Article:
October 22, 2001

The FBI is toying with the idea of torturing suspects. See the article by Damian Whitworth for the Times of London: FBI considers torture as suspects stay silent.

Will the United States be the next country on Amnesty International's list of campaigns?

The world has changed immeasurably since AI first began denouncing torture at the height of the Cold War in the 1960s, but torture continues and is not confined to military dictatorships or authoritarian regimes; torture is inflicted in democratic states too.

Like the United States of America, if we're not careful.

Here's an excerpt from the Times of London article:

Under US law, evidence extracted using physical pressure or torture is inadmissible in court and interrogators could also face criminal charges for employing such methods. However, investigators suggested that the time might soon come when a truth serum, such as sodium pentothal, would be deemed an acceptable tool for interrogators.
The investigators have been disappointed that the usual incentives to break suspects, such as promises of shorter sentences, money, jobs and new lives in the witness protection programme, have failed to break the silence.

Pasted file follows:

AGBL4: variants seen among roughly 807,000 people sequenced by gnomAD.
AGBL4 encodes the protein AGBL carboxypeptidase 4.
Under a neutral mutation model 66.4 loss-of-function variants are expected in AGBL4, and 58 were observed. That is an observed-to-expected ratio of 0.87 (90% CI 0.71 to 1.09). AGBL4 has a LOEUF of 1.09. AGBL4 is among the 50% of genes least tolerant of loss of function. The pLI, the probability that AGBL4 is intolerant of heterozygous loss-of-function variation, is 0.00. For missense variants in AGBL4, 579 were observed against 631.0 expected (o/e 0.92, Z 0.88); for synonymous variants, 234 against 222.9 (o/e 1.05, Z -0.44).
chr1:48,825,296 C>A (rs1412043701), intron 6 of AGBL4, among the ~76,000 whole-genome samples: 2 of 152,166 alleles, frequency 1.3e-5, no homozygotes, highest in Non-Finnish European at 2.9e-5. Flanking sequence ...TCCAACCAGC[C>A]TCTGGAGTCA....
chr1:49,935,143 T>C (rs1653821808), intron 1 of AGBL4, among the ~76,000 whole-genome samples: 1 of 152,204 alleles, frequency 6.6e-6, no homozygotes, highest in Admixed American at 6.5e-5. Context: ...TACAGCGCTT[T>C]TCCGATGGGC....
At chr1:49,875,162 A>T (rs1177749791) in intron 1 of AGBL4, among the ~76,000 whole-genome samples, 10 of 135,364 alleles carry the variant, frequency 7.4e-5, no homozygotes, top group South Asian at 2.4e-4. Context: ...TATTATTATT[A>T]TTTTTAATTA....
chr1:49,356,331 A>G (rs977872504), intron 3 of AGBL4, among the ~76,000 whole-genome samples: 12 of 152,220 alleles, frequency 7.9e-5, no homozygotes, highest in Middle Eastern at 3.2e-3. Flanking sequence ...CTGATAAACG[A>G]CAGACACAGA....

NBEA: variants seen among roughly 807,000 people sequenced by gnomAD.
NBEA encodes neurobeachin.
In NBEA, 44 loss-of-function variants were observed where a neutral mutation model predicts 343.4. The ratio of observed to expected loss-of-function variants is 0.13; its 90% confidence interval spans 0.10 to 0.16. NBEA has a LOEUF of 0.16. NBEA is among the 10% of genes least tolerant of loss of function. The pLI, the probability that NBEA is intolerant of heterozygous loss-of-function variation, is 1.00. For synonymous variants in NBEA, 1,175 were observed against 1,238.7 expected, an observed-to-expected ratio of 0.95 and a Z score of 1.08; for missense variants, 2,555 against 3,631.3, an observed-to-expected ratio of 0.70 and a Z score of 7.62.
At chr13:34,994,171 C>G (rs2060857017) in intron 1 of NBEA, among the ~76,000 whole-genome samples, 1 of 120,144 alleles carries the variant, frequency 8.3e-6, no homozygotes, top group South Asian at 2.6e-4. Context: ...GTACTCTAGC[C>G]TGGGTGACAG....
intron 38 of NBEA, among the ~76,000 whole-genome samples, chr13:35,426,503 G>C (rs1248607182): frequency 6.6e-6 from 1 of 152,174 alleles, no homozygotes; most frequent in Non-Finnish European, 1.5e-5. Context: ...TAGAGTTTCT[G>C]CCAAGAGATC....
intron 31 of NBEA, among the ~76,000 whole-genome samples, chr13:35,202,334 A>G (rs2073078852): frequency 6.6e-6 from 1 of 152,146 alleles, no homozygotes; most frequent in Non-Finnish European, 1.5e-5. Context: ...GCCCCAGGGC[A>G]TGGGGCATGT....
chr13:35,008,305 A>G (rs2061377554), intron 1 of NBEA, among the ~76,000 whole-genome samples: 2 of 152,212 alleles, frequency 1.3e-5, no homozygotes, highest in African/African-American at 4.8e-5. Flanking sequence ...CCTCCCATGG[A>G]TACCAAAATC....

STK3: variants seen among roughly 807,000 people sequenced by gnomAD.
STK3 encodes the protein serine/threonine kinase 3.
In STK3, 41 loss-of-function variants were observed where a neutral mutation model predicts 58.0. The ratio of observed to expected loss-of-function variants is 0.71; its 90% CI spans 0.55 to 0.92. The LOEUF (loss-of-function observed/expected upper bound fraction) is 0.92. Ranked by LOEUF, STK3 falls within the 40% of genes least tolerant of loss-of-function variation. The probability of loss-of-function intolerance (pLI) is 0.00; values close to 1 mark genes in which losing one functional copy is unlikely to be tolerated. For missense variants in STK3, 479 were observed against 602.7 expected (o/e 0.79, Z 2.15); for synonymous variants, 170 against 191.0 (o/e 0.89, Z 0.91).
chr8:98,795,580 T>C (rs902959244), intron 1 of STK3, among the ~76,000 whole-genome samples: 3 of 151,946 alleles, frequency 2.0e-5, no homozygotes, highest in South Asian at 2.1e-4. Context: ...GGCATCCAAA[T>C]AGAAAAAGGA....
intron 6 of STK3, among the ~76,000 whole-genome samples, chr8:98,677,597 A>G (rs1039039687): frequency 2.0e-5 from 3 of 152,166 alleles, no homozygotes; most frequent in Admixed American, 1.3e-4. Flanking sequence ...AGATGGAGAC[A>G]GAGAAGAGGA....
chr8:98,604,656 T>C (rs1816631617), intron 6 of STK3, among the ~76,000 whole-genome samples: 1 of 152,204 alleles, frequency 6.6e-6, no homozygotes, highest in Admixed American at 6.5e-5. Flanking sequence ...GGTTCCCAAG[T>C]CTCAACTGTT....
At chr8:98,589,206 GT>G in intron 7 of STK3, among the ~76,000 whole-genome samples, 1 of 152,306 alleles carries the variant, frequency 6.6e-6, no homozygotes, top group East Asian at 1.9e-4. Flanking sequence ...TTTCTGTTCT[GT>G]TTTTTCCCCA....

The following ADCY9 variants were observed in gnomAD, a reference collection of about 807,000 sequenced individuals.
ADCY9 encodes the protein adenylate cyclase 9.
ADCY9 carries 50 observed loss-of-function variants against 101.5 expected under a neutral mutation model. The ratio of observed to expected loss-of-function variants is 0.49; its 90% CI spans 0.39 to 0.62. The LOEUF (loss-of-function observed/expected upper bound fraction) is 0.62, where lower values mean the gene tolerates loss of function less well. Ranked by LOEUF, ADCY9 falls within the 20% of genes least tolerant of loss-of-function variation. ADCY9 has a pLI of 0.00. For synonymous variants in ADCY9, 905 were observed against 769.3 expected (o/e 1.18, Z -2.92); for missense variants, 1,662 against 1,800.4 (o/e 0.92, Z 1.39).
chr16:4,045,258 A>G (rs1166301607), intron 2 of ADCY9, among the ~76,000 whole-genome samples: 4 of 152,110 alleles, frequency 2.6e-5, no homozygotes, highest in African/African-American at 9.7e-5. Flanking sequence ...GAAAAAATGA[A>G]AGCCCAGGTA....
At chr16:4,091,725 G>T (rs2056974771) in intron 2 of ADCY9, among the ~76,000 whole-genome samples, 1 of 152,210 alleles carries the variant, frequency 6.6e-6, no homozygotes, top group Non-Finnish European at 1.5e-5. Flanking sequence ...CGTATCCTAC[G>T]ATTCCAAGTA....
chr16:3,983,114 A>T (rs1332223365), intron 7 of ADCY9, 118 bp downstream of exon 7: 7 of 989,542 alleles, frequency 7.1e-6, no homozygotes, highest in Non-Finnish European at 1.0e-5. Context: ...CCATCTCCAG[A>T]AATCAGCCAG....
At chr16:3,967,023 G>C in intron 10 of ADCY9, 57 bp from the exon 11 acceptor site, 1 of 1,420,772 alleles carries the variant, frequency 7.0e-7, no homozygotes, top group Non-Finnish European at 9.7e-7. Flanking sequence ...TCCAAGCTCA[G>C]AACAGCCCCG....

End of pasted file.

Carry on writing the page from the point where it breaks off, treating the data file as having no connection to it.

"We are known for humanitarian treatment, so basically we are stuck. Usually there is some incentive, some angle to play, what you can do for them. But it could get to that spot where we could go to pressure . . . where we don't have a choice, and we are probably getting there," an FBI agent involved in the investigation told the paper.

If we allow our FBI to torture suspects in the cause of safeguarding our freedom, we'll be descending into tyranny even as we seek to defeat it.

These men are easy to hate because of the crimes they are accused, but remember, these men are not convicted felons. They are only suspects and in our country that means they are innocent until proven guilty.

Who will be the next suspect that the authorities will decide is witholding information? You? Me? The guy that the National Guard and United Airlines wouldn't allow to fly because he was readingi Harry Potter books?

Our due process should not be taken lightly. Its checks and balances were put in place to protect us -- not terrorists. We cannot yeild its protections for any reason.

We're talking about people who are only *suspected* of committing crimes and withholding information. Mistakes happen all the time. Are we ready to risk torturing innocent people? Of course not. That's why we are a civilized country that has laws against these kinds of practices. Right?